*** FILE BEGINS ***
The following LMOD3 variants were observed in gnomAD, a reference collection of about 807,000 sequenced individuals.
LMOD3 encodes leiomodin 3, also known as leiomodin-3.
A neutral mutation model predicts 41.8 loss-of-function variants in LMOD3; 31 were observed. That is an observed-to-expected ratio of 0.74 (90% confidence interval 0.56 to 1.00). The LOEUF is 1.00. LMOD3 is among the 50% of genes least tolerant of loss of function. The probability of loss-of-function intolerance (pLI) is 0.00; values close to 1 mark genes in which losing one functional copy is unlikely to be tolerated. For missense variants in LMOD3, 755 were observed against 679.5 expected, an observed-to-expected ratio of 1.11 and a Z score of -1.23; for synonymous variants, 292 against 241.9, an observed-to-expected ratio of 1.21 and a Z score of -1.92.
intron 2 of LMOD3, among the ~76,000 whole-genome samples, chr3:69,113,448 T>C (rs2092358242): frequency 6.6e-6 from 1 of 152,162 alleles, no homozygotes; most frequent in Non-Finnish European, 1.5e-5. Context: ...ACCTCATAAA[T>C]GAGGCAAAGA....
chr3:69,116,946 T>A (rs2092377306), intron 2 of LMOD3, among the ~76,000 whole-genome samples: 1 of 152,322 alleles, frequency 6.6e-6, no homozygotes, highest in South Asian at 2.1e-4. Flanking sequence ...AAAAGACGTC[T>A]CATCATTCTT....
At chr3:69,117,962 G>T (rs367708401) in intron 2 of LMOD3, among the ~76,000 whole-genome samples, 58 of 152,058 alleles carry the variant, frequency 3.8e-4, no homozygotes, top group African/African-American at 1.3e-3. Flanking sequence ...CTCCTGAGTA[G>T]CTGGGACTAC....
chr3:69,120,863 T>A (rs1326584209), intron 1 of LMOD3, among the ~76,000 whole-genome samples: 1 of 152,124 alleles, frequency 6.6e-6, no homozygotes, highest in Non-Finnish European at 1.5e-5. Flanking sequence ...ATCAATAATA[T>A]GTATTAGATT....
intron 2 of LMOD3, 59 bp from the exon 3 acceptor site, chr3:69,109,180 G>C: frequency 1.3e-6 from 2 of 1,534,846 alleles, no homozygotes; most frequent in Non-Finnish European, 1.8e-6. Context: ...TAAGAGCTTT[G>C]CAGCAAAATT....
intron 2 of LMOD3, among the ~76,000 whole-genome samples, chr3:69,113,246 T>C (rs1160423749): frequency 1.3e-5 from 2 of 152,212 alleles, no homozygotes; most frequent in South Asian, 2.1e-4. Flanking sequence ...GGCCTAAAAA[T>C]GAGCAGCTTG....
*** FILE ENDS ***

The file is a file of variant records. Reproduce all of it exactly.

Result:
The following LMOD3 variants were observed in gnomAD, a reference collection of about 807,000 sequenced individuals.
LMOD3 encodes leiomodin 3, also known as leiomodin-3.
A neutral mutation model predicts 41.8 loss-of-function variants in LMOD3; 31 were observed. That is an observed-to-expected ratio of 0.74 (90% confidence interval 0.56 to 1.00). The LOEUF is 1.00. LMOD3 is among the 50% of genes least tolerant of loss of function. The probability of loss-of-function intolerance (pLI) is 0.00; values close to 1 mark genes in which losing one functional copy is unlikely to be tolerated. For missense variants in LMOD3, 755 were observed against 679.5 expected, an observed-to-expected ratio of 1.11 and a Z score of -1.23; for synonymous variants, 292 against 241.9, an observed-to-expected ratio of 1.21 and a Z score of -1.92.
intron 2 of LMOD3, among the ~76,000 whole-genome samples, chr3:69,113,448 T>C (rs2092358242): frequency 6.6e-6 from 1 of 152,162 alleles, no homozygotes; most frequent in Non-Finnish European, 1.5e-5. Context: ...ACCTCATAAA[T>C]GAGGCAAAGA....
chr3:69,116,946 T>A (rs2092377306), intron 2 of LMOD3, among the ~76,000 whole-genome samples: 1 of 152,322 alleles, frequency 6.6e-6, no homozygotes, highest in South Asian at 2.1e-4. Flanking sequence ...AAAAGACGTC[T>A]CATCATTCTT....
At chr3:69,117,962 G>T (rs367708401) in intron 2 of LMOD3, among the ~76,000 whole-genome samples, 58 of 152,058 alleles carry the variant, frequency 3.8e-4, no homozygotes, top group African/African-American at 1.3e-3. Flanking sequence ...CTCCTGAGTA[G>T]CTGGGACTAC....
chr3:69,120,863 T>A (rs1326584209), intron 1 of LMOD3, among the ~76,000 whole-genome samples: 1 of 152,124 alleles, frequency 6.6e-6, no homozygotes, highest in Non-Finnish European at 1.5e-5. Flanking sequence ...ATCAATAATA[T>A]GTATTAGATT....
intron 2 of LMOD3, 59 bp from the exon 3 acceptor site, chr3:69,109,180 G>C: frequency 1.3e-6 from 2 of 1,534,846 alleles, no homozygotes; most frequent in Non-Finnish European, 1.8e-6. Context: ...TAAGAGCTTT[G>C]CAGCAAAATT....
intron 2 of LMOD3, among the ~76,000 whole-genome samples, chr3:69,113,246 T>C (rs1160423749): frequency 1.3e-5 from 2 of 152,212 alleles, no homozygotes; most frequent in South Asian, 2.1e-4. Flanking sequence ...GGCCTAAAAA[T>C]GAGCAGCTTG....